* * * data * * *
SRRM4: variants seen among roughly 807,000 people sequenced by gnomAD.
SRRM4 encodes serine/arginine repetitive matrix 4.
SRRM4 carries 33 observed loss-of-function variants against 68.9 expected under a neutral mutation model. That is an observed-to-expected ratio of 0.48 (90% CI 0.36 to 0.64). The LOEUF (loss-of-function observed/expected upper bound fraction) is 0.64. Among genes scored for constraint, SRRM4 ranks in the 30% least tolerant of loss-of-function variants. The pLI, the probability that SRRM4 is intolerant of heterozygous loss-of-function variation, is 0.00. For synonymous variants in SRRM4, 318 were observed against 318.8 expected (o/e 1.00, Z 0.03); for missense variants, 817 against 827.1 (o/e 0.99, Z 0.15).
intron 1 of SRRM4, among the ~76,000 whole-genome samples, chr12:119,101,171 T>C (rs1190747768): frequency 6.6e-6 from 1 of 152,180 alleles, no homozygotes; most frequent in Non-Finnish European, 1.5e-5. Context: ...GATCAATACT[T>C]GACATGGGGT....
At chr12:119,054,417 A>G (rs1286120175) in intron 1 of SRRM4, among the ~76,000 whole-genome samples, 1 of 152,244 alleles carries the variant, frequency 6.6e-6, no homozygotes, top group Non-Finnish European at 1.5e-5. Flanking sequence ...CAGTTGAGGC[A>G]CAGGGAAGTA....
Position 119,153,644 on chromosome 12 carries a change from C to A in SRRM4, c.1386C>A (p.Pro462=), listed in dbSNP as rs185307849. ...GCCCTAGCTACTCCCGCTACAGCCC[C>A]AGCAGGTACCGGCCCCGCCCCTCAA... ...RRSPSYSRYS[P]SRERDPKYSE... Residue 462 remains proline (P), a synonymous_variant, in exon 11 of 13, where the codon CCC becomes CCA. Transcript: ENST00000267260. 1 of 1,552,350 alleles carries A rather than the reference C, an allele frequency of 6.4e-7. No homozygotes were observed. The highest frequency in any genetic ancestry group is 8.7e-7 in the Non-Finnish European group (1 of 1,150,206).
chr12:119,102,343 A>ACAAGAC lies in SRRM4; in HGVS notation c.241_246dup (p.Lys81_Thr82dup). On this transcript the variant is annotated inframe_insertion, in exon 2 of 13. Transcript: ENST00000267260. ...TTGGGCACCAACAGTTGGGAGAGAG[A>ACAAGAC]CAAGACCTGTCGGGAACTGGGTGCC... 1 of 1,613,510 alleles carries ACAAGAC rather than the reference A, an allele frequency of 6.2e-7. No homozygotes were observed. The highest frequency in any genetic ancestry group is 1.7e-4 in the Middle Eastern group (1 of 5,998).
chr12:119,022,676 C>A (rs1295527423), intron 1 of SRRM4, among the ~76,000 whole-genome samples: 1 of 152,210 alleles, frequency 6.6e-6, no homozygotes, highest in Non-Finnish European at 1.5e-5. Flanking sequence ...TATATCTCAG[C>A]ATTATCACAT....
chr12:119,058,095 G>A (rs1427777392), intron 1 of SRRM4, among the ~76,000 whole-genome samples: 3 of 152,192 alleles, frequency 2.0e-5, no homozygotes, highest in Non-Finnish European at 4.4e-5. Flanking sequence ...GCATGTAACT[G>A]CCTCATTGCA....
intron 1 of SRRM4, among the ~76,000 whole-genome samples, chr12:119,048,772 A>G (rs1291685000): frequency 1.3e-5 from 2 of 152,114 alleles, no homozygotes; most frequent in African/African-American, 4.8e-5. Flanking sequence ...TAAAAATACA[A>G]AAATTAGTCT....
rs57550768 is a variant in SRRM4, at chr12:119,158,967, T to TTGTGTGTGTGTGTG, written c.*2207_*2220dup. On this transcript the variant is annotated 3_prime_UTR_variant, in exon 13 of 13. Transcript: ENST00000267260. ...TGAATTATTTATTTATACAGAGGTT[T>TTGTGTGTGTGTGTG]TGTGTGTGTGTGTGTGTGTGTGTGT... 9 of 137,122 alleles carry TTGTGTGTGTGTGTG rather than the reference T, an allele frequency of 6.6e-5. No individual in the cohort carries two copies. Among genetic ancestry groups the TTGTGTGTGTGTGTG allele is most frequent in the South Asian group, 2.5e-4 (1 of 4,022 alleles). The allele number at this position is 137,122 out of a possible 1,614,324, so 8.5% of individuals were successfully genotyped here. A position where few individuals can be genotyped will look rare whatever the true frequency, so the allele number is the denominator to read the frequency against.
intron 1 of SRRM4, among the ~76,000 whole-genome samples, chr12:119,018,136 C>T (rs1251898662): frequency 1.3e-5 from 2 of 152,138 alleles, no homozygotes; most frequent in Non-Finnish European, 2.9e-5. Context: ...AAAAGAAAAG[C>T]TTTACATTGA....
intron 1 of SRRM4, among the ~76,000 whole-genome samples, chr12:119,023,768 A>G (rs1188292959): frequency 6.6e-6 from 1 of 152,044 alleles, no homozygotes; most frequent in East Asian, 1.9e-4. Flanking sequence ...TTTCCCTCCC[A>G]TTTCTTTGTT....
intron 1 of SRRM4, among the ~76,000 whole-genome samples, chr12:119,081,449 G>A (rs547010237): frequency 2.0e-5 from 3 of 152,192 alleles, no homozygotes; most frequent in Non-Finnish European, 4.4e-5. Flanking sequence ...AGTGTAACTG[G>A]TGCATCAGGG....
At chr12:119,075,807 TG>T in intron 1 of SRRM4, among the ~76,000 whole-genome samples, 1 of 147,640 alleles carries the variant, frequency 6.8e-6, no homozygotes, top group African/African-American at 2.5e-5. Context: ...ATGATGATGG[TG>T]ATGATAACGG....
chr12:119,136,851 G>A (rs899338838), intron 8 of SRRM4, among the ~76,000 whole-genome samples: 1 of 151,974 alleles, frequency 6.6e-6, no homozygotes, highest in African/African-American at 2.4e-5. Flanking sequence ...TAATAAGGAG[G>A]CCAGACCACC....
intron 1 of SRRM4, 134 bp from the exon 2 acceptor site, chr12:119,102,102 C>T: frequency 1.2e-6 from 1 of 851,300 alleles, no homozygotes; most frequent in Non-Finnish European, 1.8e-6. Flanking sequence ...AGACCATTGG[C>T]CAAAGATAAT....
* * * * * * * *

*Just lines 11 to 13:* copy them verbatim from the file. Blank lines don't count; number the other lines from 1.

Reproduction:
rs57550768 is a variant in SRRM4, at chr12:119,158,967, T to TTGTGTGTGTGTGTG, written c.*2207_*2220dup. On this transcript the variant is annotated 3_prime_UTR_variant, in exon 13 of 13. Transcript: ENST00000267260. ...TGAATTATTTATTTATACAGAGGTT[T>TTGTGTGTGTGTGTG]TGTGTGTGTGTGTGTGTGTGTGTGT... 9 of 137,122 alleles carry TTGTGTGTGTGTGTG rather than the reference T, an allele frequency of 6.6e-5. No individual in the cohort carries two copies. Among genetic ancestry groups the TTGTGTGTGTGTGTG allele is most frequent in the South Asian group, 2.5e-4 (1 of 4,022 alleles). The allele number at this position is 137,122 out of a possible 1,614,324, so 8.5% of individuals were successfully genotyped here. A position where few individuals can be genotyped will look rare whatever the true frequency, so the allele number is the denominator to read the frequency against.
intron 1 of SRRM4, among the ~76,000 whole-genome samples, chr12:119,018,136 C>T (rs1251898662): frequency 1.3e-5 from 2 of 152,138 alleles, no homozygotes; most frequent in Non-Finnish European, 2.9e-5. Context: ...AAAAGAAAAG[C>T]TTTACATTGA....
intron 1 of SRRM4, among the ~76,000 whole-genome samples, chr12:119,023,768 A>G (rs1188292959): frequency 6.6e-6 from 1 of 152,044 alleles, no homozygotes; most frequent in East Asian, 1.9e-4. Flanking sequence ...TTTCCCTCCC[A>G]TTTCTTTGTT....